Barring a surprise in December, the best-selling album of 2014 in Japan will be by a group of more than 100 members called AKB48. That gigantic outfit has spent the last five years looming over the Japanese pop marketplace, with their music moving millions of copies. They also represent an extreme take on the dominant trend in J-pop today. AKB48 are an idol group, loosely defined as a pop unit usually featuring young women singing uptempo songs. Idols sell people on a fantasy of closeness. CDs and singles often come packaged with incentives, including tickets for meet-and-greets, and rabid supporters scoop up dozens of copies of the same musical product to gain more of these items. This practice — embraced by almost all idol groups along with many artists from other genres, and juicing sales dramatically — has resulted in a stagnant pop scene where musical ideas are often an afterthought to marketing.
Many writers and fans have tagged Tokyo singer-songwriter Oomori Seiko as an “anti-idol.” She wears idol-appropriate pastel clothes and often sings over the same chintzy sounds that outfits such as AKB48 embrace, but she twists her music into something darker and more interesting. Seiko’s voice often approaches a scream, and she includes stretches of confrontational noise to her songs, which also veer toward less-than-upbeat lyrical topics including depression and death. She’s gained increased attention over the last couple of years, and she’s landed on major label Avex, which is releasing her new album Sennou (the title translates to Brainwashing). The album is more than simply a reaction against idol culture; it’s a genre-blurring collection offering something even rarer — a new voice.
Seiko hails from a corner of the country’s capital not known for producing idols: She got her start playing in the neighborhood of Koenji, the birthplace of punk rock in Japan and today a thriving home for live music unafraid to get weird and raw. Her earliest creations featured just her warbly voice and acoustic guitar — a setup she still uses in many shows, including ones at idol-centric gatherings — resulting in direct, intimate numbers. Only one song on Sennou, “Date Wa Yameyou,” comes from that skeletal mold on Sennou, but it breaks down what makes Seiko so interesting, as her voice moves from near whisper to impassioned cry, the emotional punch registering even without understanding one word of Japanese.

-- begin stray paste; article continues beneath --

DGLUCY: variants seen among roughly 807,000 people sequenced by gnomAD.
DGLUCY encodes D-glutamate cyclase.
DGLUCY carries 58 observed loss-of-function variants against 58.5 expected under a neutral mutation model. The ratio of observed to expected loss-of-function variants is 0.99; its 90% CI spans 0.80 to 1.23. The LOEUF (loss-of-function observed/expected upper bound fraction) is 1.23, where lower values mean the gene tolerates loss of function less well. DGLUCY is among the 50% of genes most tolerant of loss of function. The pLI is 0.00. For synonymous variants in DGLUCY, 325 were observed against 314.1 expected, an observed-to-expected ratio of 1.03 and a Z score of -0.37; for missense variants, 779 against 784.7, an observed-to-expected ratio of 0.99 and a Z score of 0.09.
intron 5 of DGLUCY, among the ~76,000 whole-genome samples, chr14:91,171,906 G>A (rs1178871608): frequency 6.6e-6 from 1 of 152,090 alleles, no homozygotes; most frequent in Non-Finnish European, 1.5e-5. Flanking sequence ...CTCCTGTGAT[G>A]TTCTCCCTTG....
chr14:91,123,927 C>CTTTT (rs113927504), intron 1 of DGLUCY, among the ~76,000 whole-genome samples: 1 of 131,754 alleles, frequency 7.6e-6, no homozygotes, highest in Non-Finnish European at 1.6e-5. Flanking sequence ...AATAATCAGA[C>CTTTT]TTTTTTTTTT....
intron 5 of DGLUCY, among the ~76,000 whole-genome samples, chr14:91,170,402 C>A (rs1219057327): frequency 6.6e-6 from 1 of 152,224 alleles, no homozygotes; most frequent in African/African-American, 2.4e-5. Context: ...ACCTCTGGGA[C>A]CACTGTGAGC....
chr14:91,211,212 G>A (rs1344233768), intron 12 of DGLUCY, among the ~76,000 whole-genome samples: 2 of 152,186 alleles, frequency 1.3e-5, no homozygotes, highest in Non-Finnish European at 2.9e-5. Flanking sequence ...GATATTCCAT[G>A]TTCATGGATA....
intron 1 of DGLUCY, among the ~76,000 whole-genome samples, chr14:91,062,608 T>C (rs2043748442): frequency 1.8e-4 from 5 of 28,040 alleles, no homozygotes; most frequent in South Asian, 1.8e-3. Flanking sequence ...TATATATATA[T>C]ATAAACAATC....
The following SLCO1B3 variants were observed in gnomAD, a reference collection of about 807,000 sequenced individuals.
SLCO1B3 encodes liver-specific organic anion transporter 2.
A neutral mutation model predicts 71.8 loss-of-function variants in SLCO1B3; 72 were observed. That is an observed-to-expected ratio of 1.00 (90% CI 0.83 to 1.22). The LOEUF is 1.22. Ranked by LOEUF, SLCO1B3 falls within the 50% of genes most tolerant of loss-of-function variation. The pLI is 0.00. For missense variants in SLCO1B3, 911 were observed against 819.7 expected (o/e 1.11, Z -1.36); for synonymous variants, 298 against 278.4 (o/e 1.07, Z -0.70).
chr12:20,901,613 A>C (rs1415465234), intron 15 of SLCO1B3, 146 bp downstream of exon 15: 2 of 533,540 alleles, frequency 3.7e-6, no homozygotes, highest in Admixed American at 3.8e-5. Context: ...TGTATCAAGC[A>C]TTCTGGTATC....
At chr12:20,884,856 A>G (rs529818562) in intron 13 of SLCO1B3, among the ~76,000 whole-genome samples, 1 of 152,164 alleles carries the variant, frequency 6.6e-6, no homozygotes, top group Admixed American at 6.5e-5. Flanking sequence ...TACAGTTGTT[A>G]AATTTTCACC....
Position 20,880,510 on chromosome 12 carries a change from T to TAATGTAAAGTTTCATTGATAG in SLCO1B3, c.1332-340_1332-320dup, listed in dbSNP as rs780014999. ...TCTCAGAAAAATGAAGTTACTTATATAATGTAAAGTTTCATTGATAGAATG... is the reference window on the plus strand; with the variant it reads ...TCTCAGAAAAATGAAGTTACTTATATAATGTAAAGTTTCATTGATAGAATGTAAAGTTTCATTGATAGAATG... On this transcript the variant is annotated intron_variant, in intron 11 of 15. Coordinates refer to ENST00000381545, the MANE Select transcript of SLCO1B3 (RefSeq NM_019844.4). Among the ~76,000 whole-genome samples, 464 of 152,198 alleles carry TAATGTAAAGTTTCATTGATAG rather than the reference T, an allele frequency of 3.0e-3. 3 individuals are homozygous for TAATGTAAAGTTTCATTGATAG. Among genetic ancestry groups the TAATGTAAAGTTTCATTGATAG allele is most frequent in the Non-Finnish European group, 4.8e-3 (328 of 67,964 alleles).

On Sennou, Seiko dresses up her soul-baring sketches in bouncy idol pop, lacing them with dissonant touches. Advance single “Kyurukyuru” plays out at an uptempo speed loaded with cheesy synthesized strings, but Seiko spikes it with her off-kilter, at times near-hysteric singing. The twinkly “Nostalgic J-pop” mimics the saccharine ballads idols routinely sing, but swaps in lyrics about suicide and introduces hints of guitar feedback, the dreamy exterior hiding tension.
Sennou isn’t an extended spitball aimed at idol pop, however, which is made clear on second song “Imitation Girl,” where Seiko goes full-on EDM, complete with Skrillex-ish wub outs. Whereas other pop singers — both in Japan (and not just idols) and abroad — tend to use brostep freakouts as code for “I am down with the kids,” Seiko creates a harp-accented dash building up to a sticky-sweet hook. From there, she zips across sounds, often smashing them together on the same song in a way few mainstream Japanese acts today do. She merges dramatic balladry with woozy synth pop (“Yakiniku Date”) and chugging rock with dance (“Rock ‘n’ Roll Paradise,” which sounds like it snuck in the Jersey Club bed squeak sound).
Seiko appears to be following the path laid out by one of her biggest inspirations, turn-of-the-century rocker Sheena Ringo. Sennou features a few sonic nods to Ringo’s work — most clearly on the sample-backed “Nana Chan No Saisei Kouza,” which owes a lot to Ringo’s 2003 masterpiece Kalk Samen Kuri No Hana — but most clearly echoes her ethos. Ringo, too, came from a smaller-scale rock scene before landing on a major label, where she used the new found attention to push her artistic ideas — all written by her — forward. Musically Seiko resembles Togawa more, but Sennou carries Ringo’s attitude into the J-pop sphere. Seiko has a long way to go to achieve larger commercial success, but in an environment where idols mostly perform other people’s music — many of whom also hail from Koenji, writing for acts such as viral-hits Babymetal — her being able to push great, unfenced music written by her to a larger audience is exciting.